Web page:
ON THE COVER
Herz et al. use a mouse model of persistent CNS viral infection to demonstrate that adoptive transfer of therapeutic antiviral CD8+ T cells (red) can clear virus without causing tissue damage. The limited damage in the brain is caused by the restricted recruitment of inflammatory innate immune cells and conversion of microglia (green) into antigen-presenting cells (nuclei in blue). Image provided by the authors.
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Brief Definitive Report
Zenonos et al. report the development of a new therapeutic for P. falciparum malaria. A recombinant chimeric antibody targeting basigin—a receptor essential for erythrocyte invasion—inhibited parasite invasion and rapidly cleared an established blood-stage infection in vivo.
Therapeutic antiviral T cells noncytopathically clear persistently infected microglia after conversion into antigen-presenting cells
Clearance of neurotropic infections is challenging because the CNS is relatively intolerant of immunopathological reactions. Herz et al. use a model of persistent viral infection in mice to demonstrate therapeutic antiviral T cells can purge the CNS infection without causing tissue damage resulting from limited recruitment of inflammatory innate immune cells and conversion of microglia into APCs.
CCND1–CDK4–mediated cell cycle progression provides a competitive advantage for human hematopoietic stem cells in vivo
Maintenance of stem cell properties is associated with reduced proliferation but it is unknown whether the transition kinetics through distinct cell cycle phases influences the function of HSCs. Mende et al examine the effects of increasing two cell cycle complexes CCND1–CDK4 and CCNE1–CDK2 on the transition kinetics of human HSCs and their maintenance and functional alterations in vivo.
Reticular dysgenesis–associated AK2 protects hematopoietic stem and progenitor cell development from oxidative stress
Rissone et al. demonstrate that adenylate kinase AK2, an enzyme mutated in reticular dysgenesis (RD) in humans, prevents oxidative stress during hematopoiesis. Using a zebrafish model, as well as induced pluripotent stem cells derived from an RD patient, they find that AK2 deficiency affects hematopoietic stem and progenitor development with increased oxidative stress. Antioxidant treatment rescues the hematopoietic phenotypes.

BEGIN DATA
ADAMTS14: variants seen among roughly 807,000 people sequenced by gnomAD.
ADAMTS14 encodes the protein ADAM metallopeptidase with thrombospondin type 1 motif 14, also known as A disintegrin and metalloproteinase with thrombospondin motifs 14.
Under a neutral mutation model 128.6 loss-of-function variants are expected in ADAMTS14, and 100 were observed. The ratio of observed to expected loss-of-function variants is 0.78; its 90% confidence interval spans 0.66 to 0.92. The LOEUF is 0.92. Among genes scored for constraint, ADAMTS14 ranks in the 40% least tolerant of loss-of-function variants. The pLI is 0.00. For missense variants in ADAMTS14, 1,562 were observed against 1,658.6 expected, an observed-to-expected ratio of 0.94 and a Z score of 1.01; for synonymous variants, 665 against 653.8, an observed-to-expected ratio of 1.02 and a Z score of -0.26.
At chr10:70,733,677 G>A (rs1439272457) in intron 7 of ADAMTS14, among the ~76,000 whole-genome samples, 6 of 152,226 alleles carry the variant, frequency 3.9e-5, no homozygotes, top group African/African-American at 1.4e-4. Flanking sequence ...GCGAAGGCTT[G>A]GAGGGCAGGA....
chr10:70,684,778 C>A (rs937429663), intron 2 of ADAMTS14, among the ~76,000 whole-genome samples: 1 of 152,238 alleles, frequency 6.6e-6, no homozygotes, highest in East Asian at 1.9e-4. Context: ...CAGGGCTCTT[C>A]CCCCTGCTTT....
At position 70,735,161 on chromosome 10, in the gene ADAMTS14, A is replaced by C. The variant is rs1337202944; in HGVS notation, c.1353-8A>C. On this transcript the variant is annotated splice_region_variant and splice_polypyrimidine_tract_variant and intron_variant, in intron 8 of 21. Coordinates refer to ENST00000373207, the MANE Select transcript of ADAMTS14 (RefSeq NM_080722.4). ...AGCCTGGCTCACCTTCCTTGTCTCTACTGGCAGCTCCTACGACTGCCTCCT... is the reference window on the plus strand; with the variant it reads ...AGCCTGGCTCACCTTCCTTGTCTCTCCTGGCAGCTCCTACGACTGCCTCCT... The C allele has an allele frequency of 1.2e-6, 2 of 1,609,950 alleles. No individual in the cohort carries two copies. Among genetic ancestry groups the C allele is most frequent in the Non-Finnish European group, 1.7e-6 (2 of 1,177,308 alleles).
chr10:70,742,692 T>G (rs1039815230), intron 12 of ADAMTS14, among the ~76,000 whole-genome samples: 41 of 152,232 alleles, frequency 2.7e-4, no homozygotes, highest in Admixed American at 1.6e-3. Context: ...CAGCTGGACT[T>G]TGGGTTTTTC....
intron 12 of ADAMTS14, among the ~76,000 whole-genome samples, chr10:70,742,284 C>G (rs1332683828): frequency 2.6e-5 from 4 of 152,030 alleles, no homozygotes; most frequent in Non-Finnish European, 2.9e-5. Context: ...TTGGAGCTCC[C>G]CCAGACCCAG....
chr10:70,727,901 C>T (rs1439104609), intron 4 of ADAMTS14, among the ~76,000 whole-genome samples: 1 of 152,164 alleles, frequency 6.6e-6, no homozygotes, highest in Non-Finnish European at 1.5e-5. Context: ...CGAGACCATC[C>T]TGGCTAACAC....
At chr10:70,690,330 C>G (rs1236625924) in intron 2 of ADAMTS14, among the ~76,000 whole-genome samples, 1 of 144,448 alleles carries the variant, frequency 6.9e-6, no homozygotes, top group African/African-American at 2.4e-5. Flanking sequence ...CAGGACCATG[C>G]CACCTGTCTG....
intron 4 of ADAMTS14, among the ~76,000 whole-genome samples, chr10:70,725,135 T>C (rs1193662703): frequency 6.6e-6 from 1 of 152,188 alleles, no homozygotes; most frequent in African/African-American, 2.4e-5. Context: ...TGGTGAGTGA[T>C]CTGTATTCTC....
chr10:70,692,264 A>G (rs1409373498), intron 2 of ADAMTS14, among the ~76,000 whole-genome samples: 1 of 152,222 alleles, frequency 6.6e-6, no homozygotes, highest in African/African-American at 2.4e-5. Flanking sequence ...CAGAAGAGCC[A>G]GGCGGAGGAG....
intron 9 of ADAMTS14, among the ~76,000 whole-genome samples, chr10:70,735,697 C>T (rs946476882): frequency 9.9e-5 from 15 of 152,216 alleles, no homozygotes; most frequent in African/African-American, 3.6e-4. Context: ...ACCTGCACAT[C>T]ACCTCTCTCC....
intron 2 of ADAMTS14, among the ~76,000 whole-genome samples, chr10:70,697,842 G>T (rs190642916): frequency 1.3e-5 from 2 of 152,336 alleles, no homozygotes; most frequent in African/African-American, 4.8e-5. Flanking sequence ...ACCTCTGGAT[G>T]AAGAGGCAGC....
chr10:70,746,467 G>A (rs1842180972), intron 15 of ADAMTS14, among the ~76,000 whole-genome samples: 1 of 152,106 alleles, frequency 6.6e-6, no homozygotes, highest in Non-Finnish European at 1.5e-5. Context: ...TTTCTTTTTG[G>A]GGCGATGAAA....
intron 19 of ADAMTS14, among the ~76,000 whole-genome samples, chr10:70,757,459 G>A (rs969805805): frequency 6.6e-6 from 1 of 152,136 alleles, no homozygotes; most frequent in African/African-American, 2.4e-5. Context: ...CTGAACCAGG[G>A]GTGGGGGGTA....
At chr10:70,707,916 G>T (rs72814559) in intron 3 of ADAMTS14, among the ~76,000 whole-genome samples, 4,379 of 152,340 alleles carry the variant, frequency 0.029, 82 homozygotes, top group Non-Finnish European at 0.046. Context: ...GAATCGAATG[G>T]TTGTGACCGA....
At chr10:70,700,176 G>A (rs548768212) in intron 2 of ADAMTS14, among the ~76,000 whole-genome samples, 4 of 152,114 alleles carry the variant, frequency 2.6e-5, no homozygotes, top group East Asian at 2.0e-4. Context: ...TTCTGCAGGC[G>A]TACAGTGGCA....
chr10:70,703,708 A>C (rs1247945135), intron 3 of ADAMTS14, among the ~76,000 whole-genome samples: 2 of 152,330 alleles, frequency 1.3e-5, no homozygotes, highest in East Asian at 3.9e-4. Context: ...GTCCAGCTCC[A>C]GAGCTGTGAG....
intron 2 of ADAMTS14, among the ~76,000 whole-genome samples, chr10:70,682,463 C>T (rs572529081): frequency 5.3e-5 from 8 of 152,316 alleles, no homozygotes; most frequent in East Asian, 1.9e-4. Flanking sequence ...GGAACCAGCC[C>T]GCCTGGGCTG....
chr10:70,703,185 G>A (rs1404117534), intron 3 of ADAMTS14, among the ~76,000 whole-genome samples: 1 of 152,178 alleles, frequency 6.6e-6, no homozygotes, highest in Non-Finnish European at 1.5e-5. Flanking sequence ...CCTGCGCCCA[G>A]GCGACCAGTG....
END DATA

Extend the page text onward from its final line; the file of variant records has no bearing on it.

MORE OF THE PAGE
Chiang et al. identify GPR18 as a novel receptor for resolvin D2, and show that activation of this receptor in human and mouse phagocytes stimulates phagocytic clearance during bacterial infections and promotes organ protection
Targeting phospholipase D1 attenuates intestinal tumorigenesis by controlling β-catenin signaling in cancer-initiating cells
Kang et al. show that genetic or pharmacological inactivation of the enzyme phospholipase D1 (PLD1) disrupts colitis-associated intestinal tumorigenesis by suppressing the self-renewal capacity of colon cancer stem cells.
Malle et al. identify a role for nuclear factor inducing κB (NIK) in pancreatic β cell failure. NIK activation disrupts glucose homeostasis in zebrafish in vivo and impairs glucose-stimulated insulin secretion in mouse and human islets in vitro. NIK activation also perturbs β cell insulin secretion in a diet-induced obesity mouse model. These studies reveal that NIK contributes a central mechanism for β cell failure in obesity.
Organ hemorrhage represents a major complication in thrombocytopenia with potential fatal outcome. Hillgruber et al. demonstrate that neutrophil diapedesis through the endothelial barrier is responsible for the bleeding and could represent a therapeutic target in immune-thrombocytopenic patients.
Yago et al. find that neutrophils expressing a talin1 mutant that perturbs integrin activation fail to undergo chemokine-induced arrest, spreading, and migration, thus preventing ischemia–reperfusion injury.
Greenblatt et al. show that deletion of CHMP5 in osteoclasts leads to increased bone resorption coupled with exuberant osteoblast activity, resembling an early onset form of human Paget’s Disease of Bone
Koyama et al. show that GVHD markedly enhances alloantigen presentation within the mesenteric lymph nodes, mediated by donor CD103+CD11b− DCs that migrate from the colon under the influence of CCR7. This antigen presentation imprints gut-homing integrin signatures on donor T cells, leading to their migration to the GI tract where they mediate fulminant disease.
Zou et al. identify a Golgi-associated factor, TRAF3-interacting protein 3 (TRAF3IP3), as a crucial mediator of thymocyte development regulating TCR-stimulated ERK signaling in the Golgi.